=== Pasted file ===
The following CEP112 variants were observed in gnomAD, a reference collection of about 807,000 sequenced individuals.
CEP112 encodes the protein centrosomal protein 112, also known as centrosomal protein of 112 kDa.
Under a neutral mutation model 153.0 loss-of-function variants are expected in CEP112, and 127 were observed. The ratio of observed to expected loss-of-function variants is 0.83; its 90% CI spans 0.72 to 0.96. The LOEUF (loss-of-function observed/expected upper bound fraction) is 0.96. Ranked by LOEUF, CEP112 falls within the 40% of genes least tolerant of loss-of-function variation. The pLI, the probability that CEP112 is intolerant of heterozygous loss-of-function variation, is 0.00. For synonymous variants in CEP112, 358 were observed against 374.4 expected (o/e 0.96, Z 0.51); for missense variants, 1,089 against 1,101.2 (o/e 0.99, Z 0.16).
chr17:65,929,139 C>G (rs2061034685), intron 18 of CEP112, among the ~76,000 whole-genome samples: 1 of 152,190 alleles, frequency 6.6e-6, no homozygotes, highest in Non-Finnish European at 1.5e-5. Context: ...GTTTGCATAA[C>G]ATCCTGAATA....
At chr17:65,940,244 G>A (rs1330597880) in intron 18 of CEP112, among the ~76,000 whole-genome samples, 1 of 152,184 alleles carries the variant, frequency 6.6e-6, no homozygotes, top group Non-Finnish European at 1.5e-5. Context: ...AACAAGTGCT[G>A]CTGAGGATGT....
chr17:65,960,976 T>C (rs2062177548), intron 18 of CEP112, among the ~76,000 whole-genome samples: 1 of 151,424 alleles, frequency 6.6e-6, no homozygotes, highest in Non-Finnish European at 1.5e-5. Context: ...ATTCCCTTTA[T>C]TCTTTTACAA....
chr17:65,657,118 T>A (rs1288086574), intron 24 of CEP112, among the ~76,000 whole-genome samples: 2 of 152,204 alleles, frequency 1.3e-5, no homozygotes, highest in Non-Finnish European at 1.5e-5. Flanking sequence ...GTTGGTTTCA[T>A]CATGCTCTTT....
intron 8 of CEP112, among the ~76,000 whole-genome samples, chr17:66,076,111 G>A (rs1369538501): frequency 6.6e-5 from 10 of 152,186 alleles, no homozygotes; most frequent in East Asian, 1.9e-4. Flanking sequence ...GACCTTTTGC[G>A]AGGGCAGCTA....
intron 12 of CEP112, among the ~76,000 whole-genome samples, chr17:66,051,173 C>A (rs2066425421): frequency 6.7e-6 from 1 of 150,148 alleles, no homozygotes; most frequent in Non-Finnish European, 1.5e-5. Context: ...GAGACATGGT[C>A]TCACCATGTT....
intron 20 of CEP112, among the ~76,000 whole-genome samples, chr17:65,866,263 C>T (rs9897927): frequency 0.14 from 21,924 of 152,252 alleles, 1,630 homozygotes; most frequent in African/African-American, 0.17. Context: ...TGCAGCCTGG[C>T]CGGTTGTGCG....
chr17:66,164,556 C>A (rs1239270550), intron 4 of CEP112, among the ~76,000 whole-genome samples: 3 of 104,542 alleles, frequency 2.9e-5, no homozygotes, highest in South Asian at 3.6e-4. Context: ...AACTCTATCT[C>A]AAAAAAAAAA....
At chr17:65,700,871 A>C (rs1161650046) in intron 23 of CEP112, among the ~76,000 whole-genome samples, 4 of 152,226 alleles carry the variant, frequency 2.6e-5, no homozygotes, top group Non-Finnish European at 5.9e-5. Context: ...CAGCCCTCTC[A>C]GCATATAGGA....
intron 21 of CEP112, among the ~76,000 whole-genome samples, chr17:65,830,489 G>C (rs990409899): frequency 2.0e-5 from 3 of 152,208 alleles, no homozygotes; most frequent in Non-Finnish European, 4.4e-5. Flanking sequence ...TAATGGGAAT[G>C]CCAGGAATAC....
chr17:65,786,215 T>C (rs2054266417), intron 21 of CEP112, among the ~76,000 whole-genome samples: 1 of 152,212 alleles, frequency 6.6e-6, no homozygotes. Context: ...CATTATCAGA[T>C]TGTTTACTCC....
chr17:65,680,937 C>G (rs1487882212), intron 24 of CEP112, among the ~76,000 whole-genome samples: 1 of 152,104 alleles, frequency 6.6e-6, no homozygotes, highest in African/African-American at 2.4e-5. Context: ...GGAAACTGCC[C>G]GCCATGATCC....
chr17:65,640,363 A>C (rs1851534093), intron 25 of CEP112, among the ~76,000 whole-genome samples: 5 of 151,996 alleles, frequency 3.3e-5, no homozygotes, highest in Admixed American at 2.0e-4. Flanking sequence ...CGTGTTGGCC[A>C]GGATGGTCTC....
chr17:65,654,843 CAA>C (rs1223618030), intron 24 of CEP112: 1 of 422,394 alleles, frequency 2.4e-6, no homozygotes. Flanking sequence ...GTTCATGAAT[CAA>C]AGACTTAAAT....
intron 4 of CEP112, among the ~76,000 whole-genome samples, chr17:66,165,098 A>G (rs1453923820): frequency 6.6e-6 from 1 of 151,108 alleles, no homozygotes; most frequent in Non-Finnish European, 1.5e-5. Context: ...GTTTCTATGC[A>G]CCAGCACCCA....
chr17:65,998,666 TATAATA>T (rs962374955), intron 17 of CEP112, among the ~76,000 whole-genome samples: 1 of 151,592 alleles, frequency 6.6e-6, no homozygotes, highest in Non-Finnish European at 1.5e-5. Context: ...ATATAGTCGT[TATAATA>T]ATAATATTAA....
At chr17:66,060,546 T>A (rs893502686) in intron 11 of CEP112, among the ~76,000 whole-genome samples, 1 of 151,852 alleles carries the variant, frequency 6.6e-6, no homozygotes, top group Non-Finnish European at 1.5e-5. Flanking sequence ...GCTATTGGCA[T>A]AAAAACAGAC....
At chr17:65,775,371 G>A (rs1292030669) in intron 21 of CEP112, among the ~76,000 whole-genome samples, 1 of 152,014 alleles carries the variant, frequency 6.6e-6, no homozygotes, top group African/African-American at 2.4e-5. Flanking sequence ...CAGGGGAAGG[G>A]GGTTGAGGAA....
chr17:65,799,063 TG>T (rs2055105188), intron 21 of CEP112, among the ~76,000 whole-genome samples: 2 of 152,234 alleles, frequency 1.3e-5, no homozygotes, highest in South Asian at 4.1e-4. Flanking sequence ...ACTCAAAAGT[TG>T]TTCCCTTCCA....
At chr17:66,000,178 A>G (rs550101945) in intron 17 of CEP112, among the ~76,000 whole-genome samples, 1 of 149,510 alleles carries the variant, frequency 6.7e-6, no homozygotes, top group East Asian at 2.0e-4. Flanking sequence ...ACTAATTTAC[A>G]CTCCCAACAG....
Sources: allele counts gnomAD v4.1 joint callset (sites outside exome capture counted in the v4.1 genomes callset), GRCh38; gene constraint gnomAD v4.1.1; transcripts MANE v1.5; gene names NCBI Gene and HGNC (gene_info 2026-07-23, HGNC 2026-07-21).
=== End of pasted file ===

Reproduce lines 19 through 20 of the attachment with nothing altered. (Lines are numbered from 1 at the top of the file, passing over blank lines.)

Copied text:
chr17:65,998,666 TATAATA>T (rs962374955), intron 17 of CEP112, among the ~76,000 whole-genome samples: 1 of 151,592 alleles, frequency 6.6e-6, no homozygotes, highest in Non-Finnish European at 1.5e-5. Context: ...ATATAGTCGT[TATAATA>T]ATAATATTAA....
At chr17:66,060,546 T>A (rs893502686) in intron 11 of CEP112, among the ~76,000 whole-genome samples, 1 of 151,852 alleles carries the variant, frequency 6.6e-6, no homozygotes, top group Non-Finnish European at 1.5e-5. Flanking sequence ...GCTATTGGCA[T>A]AAAAACAGAC....